In the course of the centuries this church acquired a spurious dedication because of the similarity of its name to St. Bathans on the southern slope of the Lammermuirs. Even in the late Middle Ages the name Bothans became transformed into St Bothans but there is clear evidence that the original dedication was to Saint Cuthbert. It is told in the Lanercost Chronicle that in 1282 the woodwork of the choir of the church of Bothans in Lothian was being carved at the expense of the rector, ‘in honour of Saint Cuthbert, whose church it is.’

  • From Bothon/Bodon we come to Boderia (also Bodotria), which is the name given by Ptolemy for the Forth estuary. With Lammer Law being the largest ‘mountain’ in East Lothian, & that it overlooks the Forth, then it should well have been called Mount Boderia in the 2nd century AD, transchispering to Badon by the Arthurian era. Also relevant is the name ‘Mur nGuidan’ given to the Forth by the ‘Irish Tractate on the Mothers of Saints.’ So just as the Gododdin derided from an earlier Bodotria, so the name Guidan would have evolved out of Buidan.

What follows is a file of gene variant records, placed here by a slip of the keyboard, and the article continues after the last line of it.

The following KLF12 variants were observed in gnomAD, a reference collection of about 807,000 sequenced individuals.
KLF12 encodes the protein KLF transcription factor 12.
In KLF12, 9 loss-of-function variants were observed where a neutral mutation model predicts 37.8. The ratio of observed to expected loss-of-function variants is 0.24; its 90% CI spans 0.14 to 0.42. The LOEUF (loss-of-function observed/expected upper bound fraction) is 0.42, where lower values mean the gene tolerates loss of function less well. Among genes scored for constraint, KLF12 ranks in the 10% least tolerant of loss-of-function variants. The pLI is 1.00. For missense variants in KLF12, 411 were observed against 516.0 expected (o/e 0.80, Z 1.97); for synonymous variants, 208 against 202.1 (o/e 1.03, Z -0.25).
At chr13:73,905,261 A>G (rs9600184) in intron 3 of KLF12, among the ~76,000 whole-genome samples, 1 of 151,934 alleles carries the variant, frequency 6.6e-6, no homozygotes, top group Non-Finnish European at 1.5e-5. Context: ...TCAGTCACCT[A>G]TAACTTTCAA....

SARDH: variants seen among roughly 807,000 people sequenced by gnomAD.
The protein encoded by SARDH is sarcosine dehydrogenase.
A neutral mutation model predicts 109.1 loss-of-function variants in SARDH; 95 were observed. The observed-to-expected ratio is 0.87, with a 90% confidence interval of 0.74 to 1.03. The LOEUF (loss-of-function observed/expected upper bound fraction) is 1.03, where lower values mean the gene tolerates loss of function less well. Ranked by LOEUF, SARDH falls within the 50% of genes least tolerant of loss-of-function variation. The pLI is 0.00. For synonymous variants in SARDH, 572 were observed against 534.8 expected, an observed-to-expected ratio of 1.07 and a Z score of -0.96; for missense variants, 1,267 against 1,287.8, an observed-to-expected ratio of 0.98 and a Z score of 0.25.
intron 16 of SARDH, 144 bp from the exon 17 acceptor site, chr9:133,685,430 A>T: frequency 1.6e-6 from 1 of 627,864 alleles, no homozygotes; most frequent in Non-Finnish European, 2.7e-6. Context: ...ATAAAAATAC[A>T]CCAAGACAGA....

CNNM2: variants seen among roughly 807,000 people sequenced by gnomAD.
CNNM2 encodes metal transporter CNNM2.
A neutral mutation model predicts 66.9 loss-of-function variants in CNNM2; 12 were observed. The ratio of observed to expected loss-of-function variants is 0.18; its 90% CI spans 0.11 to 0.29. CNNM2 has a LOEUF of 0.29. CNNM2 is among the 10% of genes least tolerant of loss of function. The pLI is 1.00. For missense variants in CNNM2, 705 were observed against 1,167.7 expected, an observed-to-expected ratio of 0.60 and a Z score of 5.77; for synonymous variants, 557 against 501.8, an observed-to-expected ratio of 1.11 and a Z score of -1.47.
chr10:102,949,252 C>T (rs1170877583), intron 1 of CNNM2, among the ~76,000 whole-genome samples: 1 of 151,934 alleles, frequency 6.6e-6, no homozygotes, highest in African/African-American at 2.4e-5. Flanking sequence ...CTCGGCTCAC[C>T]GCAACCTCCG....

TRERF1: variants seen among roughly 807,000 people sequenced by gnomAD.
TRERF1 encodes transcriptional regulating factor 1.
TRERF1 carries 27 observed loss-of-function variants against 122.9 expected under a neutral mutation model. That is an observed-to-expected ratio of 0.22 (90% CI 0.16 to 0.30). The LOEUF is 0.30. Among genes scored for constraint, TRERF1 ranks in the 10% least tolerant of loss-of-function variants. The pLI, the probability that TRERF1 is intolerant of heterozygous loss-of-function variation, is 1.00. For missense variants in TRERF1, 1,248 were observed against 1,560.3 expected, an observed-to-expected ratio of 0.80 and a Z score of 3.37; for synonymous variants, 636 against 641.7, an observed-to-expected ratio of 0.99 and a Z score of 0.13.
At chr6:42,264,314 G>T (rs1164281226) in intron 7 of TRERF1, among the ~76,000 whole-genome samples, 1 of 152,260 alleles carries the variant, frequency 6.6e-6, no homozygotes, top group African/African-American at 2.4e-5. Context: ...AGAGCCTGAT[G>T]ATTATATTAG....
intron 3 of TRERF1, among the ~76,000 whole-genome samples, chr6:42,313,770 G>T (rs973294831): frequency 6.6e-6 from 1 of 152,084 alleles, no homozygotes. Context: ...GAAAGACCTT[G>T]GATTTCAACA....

• The Annales Cambraie mention a second battle of Badon being fought in 665. According to the Annales of Ulster, in 664 there was fought, ‘The battle of Luith Feirn i.e. in Fortrenn.’ Luith is clearly Lothian (‘feirn’ means land), while Fortenn (sometimes Fortriu) is essentially the Pictish world south of the Great Glen including the breadbasket plains that stretch up the east coast to Moray. The Roman writer, Ammianus Marcellinus, describes, ‘the Picts, divided into two tribes, called Dicalydones and Verturiones,’ from which passage we see the foundation of Fortrui in Verturiones. Fortrenn, naturally, is the etymylogical root of Forth.